The standard of good art is always much the same; modifications are trifling.
Otherwise we could not enjoy any foreign literature.
A fine phrase in Aeschylus or Dante affects us as if we had read it in Emerson.
A structural completeness in a work of art seems the same in the Oedipus Tyrannus as in The scarlet letter.
Art has therefore its law; and eccentricity, though often promising as a mere trait of youth, is only a disfigurement to maturer years.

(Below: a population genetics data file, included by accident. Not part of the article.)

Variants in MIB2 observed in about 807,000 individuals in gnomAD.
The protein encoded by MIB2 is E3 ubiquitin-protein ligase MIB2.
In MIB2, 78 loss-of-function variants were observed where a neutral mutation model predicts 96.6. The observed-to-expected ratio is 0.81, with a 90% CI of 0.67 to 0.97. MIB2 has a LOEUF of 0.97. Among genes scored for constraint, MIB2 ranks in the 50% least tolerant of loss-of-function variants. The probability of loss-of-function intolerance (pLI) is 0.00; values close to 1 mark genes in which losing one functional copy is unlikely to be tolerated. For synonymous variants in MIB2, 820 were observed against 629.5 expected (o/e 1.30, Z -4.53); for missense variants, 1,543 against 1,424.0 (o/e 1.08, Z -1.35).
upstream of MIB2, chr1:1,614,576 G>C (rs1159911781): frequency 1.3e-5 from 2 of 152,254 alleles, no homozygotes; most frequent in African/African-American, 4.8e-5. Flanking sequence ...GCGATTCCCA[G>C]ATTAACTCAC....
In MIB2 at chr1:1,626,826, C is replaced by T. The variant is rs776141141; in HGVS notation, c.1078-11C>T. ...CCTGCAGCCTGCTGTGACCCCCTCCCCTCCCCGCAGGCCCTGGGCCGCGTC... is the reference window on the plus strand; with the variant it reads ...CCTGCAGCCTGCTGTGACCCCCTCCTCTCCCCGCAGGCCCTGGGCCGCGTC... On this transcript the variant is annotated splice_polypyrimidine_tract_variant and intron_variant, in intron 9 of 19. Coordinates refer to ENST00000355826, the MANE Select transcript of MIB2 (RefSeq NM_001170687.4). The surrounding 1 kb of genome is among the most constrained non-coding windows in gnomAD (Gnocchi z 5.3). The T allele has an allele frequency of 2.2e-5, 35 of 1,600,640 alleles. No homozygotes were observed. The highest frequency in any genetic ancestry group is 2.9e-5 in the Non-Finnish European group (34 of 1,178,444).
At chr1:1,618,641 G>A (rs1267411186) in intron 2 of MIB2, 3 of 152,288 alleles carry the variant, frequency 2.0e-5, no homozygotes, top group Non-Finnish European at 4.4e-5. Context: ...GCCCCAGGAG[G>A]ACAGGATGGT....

It is no discredit to Walt Whitman that he wrote Leaves of grass, only that he did not burn it afterwards and reserve himself for something better.
A young writer must commonly plough in his first crop, as the farmer does, to enrich the soil.
Is it luxuriant, astonishing, the wonder of the neighborhood; so much the better,--in let it go!
Sydney Smith said, in 1818, There does not appear to be in America, at this moment, one man of any considerable talents.
Though this might not now be said, we still stand before the